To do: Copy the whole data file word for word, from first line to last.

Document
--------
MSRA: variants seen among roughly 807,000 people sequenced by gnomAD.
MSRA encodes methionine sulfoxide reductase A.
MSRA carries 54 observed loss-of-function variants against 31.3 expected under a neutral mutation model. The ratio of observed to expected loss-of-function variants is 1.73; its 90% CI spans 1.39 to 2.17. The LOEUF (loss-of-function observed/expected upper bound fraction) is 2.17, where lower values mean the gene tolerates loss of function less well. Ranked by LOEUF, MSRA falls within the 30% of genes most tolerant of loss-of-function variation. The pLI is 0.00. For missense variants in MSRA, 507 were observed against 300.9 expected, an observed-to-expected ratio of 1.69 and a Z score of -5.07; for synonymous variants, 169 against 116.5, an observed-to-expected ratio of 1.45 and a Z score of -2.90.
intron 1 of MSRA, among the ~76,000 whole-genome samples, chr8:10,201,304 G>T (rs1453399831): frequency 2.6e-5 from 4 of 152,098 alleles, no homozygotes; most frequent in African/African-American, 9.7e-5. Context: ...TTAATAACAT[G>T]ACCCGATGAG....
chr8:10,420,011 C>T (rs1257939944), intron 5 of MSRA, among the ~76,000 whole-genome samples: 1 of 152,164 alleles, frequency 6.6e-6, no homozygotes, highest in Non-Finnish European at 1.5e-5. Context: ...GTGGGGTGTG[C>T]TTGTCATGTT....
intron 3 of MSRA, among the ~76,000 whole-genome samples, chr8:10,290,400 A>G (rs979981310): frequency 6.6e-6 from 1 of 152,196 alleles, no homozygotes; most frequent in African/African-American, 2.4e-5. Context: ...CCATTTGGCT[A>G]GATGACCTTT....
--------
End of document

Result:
MSRA: variants seen among roughly 807,000 people sequenced by gnomAD.
MSRA encodes methionine sulfoxide reductase A.
MSRA carries 54 observed loss-of-function variants against 31.3 expected under a neutral mutation model. The ratio of observed to expected loss-of-function variants is 1.73; its 90% CI spans 1.39 to 2.17. The LOEUF (loss-of-function observed/expected upper bound fraction) is 2.17, where lower values mean the gene tolerates loss of function less well. Ranked by LOEUF, MSRA falls within the 30% of genes most tolerant of loss-of-function variation. The pLI is 0.00. For missense variants in MSRA, 507 were observed against 300.9 expected, an observed-to-expected ratio of 1.69 and a Z score of -5.07; for synonymous variants, 169 against 116.5, an observed-to-expected ratio of 1.45 and a Z score of -2.90.
intron 1 of MSRA, among the ~76,000 whole-genome samples, chr8:10,201,304 G>T (rs1453399831): frequency 2.6e-5 from 4 of 152,098 alleles, no homozygotes; most frequent in African/African-American, 9.7e-5. Context: ...TTAATAACAT[G>T]ACCCGATGAG....
chr8:10,420,011 C>T (rs1257939944), intron 5 of MSRA, among the ~76,000 whole-genome samples: 1 of 152,164 alleles, frequency 6.6e-6, no homozygotes, highest in Non-Finnish European at 1.5e-5. Context: ...GTGGGGTGTG[C>T]TTGTCATGTT....
intron 3 of MSRA, among the ~76,000 whole-genome samples, chr8:10,290,400 A>G (rs979981310): frequency 6.6e-6 from 1 of 152,196 alleles, no homozygotes; most frequent in African/African-American, 2.4e-5. Context: ...CCATTTGGCT[A>G]GATGACCTTT....